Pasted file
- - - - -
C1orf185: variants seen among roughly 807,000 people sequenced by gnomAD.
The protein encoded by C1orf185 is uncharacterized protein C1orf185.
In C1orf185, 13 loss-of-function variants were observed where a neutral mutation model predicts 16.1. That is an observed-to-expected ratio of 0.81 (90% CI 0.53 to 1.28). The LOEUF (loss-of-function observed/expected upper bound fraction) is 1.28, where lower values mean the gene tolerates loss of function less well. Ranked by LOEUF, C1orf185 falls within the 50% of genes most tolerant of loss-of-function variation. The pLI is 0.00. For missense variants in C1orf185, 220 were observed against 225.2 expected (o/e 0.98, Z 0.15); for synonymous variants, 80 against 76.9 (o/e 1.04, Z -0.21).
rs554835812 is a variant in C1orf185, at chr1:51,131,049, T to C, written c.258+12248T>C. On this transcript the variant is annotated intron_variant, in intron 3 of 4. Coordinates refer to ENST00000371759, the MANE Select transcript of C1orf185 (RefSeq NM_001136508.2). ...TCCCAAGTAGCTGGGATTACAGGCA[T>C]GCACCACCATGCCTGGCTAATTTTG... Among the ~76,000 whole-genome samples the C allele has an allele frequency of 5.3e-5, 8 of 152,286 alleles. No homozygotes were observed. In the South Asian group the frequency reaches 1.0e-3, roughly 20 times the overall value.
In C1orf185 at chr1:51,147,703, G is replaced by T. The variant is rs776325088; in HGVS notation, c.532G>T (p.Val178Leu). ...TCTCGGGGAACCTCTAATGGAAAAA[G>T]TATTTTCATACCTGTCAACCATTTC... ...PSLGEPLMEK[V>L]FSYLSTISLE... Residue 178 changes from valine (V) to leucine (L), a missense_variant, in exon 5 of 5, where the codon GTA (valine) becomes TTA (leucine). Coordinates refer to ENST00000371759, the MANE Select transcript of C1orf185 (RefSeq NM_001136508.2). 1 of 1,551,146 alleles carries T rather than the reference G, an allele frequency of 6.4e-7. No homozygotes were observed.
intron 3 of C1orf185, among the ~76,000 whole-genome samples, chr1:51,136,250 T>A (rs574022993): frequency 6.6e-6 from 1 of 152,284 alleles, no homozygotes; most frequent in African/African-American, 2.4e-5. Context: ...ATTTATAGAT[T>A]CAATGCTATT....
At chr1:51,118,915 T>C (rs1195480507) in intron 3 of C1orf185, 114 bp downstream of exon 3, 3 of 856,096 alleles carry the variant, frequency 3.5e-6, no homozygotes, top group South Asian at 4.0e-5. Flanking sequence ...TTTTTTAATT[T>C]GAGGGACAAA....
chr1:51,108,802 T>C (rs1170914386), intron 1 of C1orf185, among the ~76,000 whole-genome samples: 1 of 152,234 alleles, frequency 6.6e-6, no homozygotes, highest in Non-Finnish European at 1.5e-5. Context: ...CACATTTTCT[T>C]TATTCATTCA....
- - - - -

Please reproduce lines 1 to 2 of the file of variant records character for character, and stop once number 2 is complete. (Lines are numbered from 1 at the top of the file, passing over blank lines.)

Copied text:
C1orf185: variants seen among roughly 807,000 people sequenced by gnomAD.
The protein encoded by C1orf185 is uncharacterized protein C1orf185.